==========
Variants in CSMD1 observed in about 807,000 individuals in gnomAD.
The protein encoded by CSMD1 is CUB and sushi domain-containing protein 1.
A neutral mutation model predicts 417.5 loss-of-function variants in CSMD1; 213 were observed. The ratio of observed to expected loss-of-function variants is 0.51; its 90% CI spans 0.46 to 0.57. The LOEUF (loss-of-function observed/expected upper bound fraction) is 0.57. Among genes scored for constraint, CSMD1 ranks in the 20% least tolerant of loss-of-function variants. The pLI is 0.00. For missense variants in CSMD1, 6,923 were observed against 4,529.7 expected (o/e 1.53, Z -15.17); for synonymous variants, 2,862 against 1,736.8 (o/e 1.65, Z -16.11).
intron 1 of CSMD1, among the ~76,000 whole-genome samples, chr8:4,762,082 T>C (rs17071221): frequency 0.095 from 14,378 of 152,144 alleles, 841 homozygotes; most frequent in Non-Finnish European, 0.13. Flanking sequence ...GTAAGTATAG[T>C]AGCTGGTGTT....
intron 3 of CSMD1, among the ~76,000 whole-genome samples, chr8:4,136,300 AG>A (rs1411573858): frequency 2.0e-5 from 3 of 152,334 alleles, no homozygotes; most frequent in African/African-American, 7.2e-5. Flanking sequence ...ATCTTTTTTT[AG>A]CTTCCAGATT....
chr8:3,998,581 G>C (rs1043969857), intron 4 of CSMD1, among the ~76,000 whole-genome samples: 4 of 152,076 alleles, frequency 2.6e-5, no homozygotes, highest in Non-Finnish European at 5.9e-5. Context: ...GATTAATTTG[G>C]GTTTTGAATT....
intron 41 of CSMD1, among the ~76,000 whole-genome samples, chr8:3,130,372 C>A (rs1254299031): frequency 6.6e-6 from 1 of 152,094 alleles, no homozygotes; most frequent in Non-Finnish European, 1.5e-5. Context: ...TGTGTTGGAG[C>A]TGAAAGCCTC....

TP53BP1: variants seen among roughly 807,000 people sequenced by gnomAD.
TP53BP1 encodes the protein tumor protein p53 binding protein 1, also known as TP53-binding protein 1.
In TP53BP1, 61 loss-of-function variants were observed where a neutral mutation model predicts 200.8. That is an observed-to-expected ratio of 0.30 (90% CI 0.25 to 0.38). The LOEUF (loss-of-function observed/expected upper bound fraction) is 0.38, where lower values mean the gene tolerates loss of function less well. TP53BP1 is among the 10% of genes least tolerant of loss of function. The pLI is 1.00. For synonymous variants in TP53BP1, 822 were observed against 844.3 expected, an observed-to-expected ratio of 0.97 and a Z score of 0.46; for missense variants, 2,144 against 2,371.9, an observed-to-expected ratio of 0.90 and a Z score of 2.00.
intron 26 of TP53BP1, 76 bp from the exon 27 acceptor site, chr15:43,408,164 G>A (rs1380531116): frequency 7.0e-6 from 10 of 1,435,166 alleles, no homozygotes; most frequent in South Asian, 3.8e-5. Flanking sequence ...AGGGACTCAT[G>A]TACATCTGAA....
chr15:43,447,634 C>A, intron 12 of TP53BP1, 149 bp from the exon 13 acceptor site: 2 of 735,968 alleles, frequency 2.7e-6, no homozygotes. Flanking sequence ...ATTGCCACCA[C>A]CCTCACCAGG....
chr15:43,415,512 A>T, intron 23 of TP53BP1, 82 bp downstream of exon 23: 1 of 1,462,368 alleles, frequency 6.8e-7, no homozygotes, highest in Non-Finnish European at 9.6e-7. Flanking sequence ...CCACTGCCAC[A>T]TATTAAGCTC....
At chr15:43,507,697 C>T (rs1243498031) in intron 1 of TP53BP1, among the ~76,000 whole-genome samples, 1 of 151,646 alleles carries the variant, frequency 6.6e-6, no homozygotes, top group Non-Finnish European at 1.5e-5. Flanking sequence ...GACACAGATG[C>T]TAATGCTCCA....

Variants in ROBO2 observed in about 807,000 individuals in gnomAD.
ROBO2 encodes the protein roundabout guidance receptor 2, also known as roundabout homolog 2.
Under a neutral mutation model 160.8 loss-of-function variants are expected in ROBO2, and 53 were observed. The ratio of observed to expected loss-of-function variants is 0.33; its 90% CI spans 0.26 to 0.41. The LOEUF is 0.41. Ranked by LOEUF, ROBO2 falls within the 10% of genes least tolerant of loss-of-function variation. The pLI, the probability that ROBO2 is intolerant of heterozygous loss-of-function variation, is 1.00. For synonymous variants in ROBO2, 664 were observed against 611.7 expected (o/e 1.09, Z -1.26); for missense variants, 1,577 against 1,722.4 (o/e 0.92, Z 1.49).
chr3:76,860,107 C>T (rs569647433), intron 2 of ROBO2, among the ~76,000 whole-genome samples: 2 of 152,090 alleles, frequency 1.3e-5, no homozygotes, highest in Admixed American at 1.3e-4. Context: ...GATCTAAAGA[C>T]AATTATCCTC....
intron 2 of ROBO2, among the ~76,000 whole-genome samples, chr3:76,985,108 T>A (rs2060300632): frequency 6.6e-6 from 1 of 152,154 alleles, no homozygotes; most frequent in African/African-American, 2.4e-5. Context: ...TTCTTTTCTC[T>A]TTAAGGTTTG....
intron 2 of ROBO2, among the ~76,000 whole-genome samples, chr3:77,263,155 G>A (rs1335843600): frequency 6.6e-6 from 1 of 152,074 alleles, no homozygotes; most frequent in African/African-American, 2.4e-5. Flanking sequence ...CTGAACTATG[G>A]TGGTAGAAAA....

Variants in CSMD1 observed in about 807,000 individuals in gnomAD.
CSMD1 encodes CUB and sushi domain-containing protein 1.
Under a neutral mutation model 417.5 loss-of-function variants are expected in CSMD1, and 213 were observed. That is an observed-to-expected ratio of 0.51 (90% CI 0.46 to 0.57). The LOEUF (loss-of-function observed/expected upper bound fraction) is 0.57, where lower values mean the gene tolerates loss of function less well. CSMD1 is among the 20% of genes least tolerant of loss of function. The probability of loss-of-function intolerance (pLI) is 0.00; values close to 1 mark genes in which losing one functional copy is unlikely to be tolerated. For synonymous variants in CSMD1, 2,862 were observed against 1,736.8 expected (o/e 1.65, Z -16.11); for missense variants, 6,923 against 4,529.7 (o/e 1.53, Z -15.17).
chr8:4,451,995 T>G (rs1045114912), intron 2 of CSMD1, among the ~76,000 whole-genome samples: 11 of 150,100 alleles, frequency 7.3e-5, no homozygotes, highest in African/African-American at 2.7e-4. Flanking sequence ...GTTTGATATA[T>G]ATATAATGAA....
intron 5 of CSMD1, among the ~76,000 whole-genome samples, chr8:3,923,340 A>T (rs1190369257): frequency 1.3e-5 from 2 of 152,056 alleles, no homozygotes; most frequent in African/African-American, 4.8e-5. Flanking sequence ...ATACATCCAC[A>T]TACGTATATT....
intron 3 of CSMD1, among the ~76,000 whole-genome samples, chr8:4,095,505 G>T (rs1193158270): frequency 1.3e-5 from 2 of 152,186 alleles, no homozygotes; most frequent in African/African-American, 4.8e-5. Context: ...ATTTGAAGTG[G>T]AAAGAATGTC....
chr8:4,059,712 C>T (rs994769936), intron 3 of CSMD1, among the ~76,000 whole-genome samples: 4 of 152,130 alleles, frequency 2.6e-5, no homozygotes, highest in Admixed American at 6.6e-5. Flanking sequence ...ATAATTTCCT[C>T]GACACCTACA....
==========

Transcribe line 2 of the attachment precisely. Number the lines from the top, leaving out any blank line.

The protein encoded by CSMD1 is CUB and sushi domain-containing protein 1.